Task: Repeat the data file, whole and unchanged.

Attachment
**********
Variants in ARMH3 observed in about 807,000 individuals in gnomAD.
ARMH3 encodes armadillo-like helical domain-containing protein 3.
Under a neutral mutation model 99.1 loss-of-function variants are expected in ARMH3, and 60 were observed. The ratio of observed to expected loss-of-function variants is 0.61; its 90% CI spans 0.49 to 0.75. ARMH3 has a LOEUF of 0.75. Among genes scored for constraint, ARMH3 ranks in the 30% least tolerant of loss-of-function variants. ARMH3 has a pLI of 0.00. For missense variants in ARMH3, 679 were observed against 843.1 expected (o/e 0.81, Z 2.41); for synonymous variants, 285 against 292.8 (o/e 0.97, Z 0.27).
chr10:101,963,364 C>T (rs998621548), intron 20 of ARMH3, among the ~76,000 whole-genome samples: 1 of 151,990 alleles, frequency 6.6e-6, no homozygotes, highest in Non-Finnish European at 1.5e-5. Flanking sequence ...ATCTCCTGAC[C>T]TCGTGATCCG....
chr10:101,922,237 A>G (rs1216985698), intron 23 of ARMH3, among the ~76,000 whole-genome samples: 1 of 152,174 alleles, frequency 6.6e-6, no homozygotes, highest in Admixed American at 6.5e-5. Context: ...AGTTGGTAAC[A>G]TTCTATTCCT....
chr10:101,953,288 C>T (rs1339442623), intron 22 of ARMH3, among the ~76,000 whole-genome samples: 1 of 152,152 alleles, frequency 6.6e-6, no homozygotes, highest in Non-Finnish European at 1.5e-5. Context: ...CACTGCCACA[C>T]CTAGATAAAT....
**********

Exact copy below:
Variants in ARMH3 observed in about 807,000 individuals in gnomAD.
ARMH3 encodes armadillo-like helical domain-containing protein 3.
Under a neutral mutation model 99.1 loss-of-function variants are expected in ARMH3, and 60 were observed. The ratio of observed to expected loss-of-function variants is 0.61; its 90% CI spans 0.49 to 0.75. ARMH3 has a LOEUF of 0.75. Among genes scored for constraint, ARMH3 ranks in the 30% least tolerant of loss-of-function variants. ARMH3 has a pLI of 0.00. For missense variants in ARMH3, 679 were observed against 843.1 expected (o/e 0.81, Z 2.41); for synonymous variants, 285 against 292.8 (o/e 0.97, Z 0.27).
chr10:101,963,364 C>T (rs998621548), intron 20 of ARMH3, among the ~76,000 whole-genome samples: 1 of 151,990 alleles, frequency 6.6e-6, no homozygotes, highest in Non-Finnish European at 1.5e-5. Flanking sequence ...ATCTCCTGAC[C>T]TCGTGATCCG....
chr10:101,922,237 A>G (rs1216985698), intron 23 of ARMH3, among the ~76,000 whole-genome samples: 1 of 152,174 alleles, frequency 6.6e-6, no homozygotes, highest in Admixed American at 6.5e-5. Context: ...AGTTGGTAAC[A>G]TTCTATTCCT....
chr10:101,953,288 C>T (rs1339442623), intron 22 of ARMH3, among the ~76,000 whole-genome samples: 1 of 152,152 alleles, frequency 6.6e-6, no homozygotes, highest in Non-Finnish European at 1.5e-5. Context: ...CACTGCCACA[C>T]CTAGATAAAT....